Various circumstances induced me to believe myself hedged in, and I looked at the door, and at the window, but with a very faint hope of escape; it was death to jump from the window, and the armed police prevented all escape from the door, so I sunk back and cried in the very agony of spirit, "Lord have mercy upon me, and deliver me from the evil hands of those who plot against me." At this juncture Brigham Young said, "if brother William agrees to uphold the police, and make himself one with them, why they, the police would uphold him." To this I agreed and obtained a vote for my protection. It was now quite dark, and wagons and carriages were all in readiness, so that with the greatest ease I could have been sent on a long mission, to preach the Gospel. It was at this time that I determined to leave to city as soon as possible, and to preserve peace, and avoid any outbreak of feeling, I cautiously kept my own counsel. Rumors however were again spread about by malcontent rivals, that the saints had better be cautiously on their guard; with respect to me, for that I intended neither more nor less than to bring about a division in the Church. It was to allay the feeling that such reports might excite that I preached the notorious, so called, "spiritual wife" sermon, a discourse so modified however as to be perfectly consonant with my own feelings, and entirely unobjectionable to the pure principles of morality and religion. I had another object in this which was to expose to the light the principles of men who delighted to practice in private that which in public they strenuously deprecated. The talk however still continued 'look out,' 'look out,' and efforts were still made to render my position as disagreeable and unhappy as possible. I still continued on in the consciousness of the purity of my motives, and did not reveal my wounded feelings even to my mother, though all the time the malevolence of my rivals was aiming shafts at me, by spreading tales even so far back as my very boyhood, in connection with my brother Joseph, things which had been passed into oblivion long, long ago. -- Furthermore, so strong was the spirit of prejudice that brethren and sisters were even advised to go to others instead of to me to obtain their spiritual blessings.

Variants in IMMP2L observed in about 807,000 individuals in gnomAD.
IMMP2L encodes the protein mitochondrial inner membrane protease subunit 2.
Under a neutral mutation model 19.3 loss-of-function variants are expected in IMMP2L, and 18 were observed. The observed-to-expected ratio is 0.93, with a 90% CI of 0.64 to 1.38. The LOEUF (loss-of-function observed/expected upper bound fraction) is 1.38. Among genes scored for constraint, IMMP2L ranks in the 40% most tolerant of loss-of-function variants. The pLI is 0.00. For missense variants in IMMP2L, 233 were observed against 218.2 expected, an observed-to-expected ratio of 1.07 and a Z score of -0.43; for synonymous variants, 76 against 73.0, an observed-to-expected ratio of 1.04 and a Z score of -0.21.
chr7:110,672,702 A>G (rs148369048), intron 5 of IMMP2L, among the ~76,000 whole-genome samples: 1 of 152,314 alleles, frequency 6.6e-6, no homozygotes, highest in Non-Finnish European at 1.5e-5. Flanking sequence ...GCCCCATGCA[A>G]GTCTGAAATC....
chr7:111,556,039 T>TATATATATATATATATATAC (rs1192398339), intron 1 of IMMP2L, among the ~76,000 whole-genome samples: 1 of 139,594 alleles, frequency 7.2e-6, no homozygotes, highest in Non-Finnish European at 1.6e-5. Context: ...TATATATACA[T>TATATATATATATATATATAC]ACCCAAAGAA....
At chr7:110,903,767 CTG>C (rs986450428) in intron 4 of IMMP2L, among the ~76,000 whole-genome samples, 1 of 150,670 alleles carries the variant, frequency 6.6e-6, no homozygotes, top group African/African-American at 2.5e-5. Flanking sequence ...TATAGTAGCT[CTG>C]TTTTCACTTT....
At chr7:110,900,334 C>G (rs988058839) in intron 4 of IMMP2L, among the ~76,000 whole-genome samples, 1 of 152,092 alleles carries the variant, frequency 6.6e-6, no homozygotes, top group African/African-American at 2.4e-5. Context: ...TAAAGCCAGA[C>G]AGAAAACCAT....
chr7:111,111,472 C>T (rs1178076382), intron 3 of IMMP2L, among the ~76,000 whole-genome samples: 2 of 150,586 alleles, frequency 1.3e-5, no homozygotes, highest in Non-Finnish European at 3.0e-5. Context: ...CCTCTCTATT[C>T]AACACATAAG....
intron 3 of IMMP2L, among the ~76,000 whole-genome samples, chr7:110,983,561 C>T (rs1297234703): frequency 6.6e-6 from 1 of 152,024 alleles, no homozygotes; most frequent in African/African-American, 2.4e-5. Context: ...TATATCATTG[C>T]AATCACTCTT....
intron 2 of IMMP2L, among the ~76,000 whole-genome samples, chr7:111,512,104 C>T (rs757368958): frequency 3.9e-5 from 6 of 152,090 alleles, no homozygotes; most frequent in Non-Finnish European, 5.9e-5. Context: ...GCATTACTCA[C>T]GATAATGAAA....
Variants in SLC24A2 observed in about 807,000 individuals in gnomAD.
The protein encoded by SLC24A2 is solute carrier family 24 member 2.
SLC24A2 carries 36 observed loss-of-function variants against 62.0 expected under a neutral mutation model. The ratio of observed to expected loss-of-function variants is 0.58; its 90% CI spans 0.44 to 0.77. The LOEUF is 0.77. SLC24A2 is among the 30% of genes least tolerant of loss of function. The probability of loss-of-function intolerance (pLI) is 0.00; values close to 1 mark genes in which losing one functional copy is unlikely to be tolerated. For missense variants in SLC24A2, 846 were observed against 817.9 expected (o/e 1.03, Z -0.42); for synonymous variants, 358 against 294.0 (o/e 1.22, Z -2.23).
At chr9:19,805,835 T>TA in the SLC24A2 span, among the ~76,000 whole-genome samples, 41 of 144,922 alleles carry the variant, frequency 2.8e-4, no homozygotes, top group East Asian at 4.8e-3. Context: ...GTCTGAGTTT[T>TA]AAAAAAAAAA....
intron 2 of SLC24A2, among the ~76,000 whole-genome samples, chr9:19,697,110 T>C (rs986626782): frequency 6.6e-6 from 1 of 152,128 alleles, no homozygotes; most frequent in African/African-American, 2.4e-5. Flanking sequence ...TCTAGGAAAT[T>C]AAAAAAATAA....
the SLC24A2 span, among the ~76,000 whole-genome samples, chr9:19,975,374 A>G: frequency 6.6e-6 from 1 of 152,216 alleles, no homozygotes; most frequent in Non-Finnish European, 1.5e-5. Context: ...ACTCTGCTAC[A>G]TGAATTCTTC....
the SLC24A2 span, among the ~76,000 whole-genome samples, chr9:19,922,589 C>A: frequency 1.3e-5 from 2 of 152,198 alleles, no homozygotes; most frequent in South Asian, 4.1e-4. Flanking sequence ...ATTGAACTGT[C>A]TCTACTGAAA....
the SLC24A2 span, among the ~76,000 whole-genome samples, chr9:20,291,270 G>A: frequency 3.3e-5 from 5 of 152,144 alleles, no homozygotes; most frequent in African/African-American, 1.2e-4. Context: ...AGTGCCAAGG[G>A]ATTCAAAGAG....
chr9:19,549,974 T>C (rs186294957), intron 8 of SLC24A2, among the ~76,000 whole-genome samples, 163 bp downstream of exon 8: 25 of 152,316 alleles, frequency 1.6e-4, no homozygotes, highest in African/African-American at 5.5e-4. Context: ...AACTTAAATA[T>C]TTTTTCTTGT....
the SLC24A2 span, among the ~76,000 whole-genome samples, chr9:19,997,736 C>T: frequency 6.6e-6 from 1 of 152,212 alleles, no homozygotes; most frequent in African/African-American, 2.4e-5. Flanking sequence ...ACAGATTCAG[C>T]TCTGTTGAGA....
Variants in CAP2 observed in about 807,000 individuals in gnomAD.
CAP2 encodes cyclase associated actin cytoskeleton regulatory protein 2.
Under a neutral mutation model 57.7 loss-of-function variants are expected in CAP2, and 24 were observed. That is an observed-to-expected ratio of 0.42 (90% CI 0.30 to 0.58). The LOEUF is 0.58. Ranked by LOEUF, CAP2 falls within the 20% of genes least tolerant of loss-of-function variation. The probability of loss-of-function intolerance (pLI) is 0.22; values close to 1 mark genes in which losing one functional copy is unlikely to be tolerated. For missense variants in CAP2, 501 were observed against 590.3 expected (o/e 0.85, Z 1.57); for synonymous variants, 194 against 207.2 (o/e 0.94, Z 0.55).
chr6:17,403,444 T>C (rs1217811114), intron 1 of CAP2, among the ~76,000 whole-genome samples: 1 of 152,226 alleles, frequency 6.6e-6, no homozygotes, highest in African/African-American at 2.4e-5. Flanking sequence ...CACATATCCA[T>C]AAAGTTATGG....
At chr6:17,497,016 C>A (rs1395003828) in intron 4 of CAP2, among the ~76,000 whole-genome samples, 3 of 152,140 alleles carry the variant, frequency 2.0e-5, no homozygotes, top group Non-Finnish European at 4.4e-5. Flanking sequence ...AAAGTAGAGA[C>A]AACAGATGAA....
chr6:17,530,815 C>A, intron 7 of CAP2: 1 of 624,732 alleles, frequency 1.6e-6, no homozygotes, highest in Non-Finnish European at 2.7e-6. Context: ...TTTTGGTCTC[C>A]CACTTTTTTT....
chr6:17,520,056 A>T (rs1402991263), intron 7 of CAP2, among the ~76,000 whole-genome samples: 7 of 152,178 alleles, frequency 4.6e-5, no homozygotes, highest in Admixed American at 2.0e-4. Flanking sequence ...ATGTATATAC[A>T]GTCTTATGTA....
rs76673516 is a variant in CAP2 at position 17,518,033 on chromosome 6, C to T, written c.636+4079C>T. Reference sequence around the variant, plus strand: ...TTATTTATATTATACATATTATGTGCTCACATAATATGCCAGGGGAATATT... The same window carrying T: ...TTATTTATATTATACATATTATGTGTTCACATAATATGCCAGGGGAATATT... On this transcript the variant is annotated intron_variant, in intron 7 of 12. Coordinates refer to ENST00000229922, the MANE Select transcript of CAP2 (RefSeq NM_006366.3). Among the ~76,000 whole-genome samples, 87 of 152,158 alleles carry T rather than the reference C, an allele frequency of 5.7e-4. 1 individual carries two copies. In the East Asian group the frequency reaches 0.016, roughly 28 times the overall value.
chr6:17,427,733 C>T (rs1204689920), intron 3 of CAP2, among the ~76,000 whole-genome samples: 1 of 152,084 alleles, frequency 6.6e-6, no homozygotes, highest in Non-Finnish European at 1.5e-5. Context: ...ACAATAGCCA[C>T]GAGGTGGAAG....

A libelous article was published by John Taylor, on my Patriarchal office, which reached my mother's ears and occasioned her much mental trouble, and loss of rest. To such an extent was her mind affected that she sent to find me, and when I entered her room, she exclaimed, "My son, my son, you are alive yet! In a vision I saw you in a room under the guard of enemies, and awoke fearful of some sad result." A singular coincidence with the very situation in which I had been placed, but which had been kept entirely secret from her.